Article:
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In our exclusive series of interviews with Australia’s Customer Leaders, Matchboard spoke with Paul Cahill, Head of Customer Experience at Tabcorp.  Tabcorp is an ASX100 company, and one of the largest publicly listed gambling companies in the world.

With the surge in online betting companies, how will Tabcorp use customer experience to differentiate itself?

Gaining empathy and being able to view ourselves as our customers see us is an important part of that journey. This change, combined with our existing physical and digital assets, will enable us to design an omni-channel experience that our competitors will struggle to match.

What are the main challenges in integrating the experience across online and offline channels?

The main challenges are education and relevance, keeping our existing experienced customers whilst meeting the demands of newer customers. Like many industries, we are faced with a generational change as we transition from paper to digital assets, and a much more complex set of offers.

How do you manage big spikes in call volumes on mega race days?

 Our front line workforce is almost completely permanent casual, typically working 24-30 hours a week and flexible enough to do additional hours. We also know when our peaks are likely to occur and can plan well in advance. It also helps that workforce engagement is high and the carnival atmosphere really gets people excited to be at work during peak times.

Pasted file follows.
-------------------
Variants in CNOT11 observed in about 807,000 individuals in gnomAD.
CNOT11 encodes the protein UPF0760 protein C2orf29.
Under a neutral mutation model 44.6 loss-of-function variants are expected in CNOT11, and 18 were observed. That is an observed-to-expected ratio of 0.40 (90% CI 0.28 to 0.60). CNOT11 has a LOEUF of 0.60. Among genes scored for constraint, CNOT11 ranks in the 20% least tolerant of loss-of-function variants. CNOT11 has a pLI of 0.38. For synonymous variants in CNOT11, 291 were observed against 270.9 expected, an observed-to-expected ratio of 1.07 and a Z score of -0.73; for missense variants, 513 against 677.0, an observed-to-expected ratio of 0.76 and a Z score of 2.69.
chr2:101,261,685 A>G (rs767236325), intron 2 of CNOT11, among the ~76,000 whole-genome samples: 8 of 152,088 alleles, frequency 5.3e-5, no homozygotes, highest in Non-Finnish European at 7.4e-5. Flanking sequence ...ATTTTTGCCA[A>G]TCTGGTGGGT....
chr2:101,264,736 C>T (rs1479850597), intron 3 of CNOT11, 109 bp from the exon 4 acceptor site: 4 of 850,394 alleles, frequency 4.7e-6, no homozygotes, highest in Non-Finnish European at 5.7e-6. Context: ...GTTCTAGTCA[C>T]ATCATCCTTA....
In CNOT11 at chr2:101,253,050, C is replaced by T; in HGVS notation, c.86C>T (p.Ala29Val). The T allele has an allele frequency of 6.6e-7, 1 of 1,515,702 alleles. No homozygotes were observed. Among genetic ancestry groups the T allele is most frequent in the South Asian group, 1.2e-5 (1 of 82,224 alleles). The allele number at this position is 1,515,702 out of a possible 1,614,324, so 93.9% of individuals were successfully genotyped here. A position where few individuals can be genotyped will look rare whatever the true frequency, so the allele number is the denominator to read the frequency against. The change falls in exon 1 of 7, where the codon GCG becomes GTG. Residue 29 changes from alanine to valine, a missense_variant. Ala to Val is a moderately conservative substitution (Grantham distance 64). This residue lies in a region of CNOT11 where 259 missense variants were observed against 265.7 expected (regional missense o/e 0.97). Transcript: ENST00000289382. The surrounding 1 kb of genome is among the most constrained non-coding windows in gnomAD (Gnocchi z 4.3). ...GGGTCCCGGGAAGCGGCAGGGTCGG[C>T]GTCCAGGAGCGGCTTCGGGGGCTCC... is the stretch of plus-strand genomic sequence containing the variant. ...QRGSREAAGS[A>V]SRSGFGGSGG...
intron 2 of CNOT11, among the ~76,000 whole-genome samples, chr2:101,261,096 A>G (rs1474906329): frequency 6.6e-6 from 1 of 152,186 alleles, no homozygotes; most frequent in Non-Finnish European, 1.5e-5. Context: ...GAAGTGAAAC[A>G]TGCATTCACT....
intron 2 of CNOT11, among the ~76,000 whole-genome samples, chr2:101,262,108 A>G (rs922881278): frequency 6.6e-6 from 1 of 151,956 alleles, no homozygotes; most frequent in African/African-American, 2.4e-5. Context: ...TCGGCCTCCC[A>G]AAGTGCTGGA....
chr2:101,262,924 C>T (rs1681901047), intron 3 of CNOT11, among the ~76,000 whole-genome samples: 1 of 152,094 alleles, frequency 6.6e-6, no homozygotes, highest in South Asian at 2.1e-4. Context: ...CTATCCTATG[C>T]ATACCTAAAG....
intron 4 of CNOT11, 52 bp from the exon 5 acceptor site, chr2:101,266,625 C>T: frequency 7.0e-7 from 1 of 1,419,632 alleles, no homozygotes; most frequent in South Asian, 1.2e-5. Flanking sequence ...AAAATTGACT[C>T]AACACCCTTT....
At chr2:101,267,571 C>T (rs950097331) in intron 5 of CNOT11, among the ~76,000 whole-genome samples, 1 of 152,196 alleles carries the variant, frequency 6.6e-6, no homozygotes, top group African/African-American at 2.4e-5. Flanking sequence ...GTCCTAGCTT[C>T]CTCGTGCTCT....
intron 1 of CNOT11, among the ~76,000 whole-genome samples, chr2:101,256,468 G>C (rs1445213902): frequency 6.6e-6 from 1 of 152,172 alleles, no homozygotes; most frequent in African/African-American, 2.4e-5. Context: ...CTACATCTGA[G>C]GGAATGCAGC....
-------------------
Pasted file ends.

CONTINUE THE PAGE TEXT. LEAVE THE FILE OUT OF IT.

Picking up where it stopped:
What are some of the digital initiatives you are implementing to make it easier for customers to transact?

 Our venues are changing from paper to digital with new digital touch screen form guides rolling out, and we are continuing to develop our apps recently launching our “check and collect feature” to enable people to scan their winning tickets into their mobile app.  

Which industries or companies do you believe are providing the best CX today?

 Great customer experience is subjective – what I see as great, the next person hates. Certainly companies that are typically spoken highly of still have an incomplete CX. Examples are Uber, who doesn’t supply a tax invoice for my expense claims, and Apple, who makes me book an appointment to come in some time in x weeks to fix my glitchy phone. In saying that, my experience so far with The Iconic has been great, as was a recent experience with Amazon (watch for these guys using our market to set new benchmarks!)

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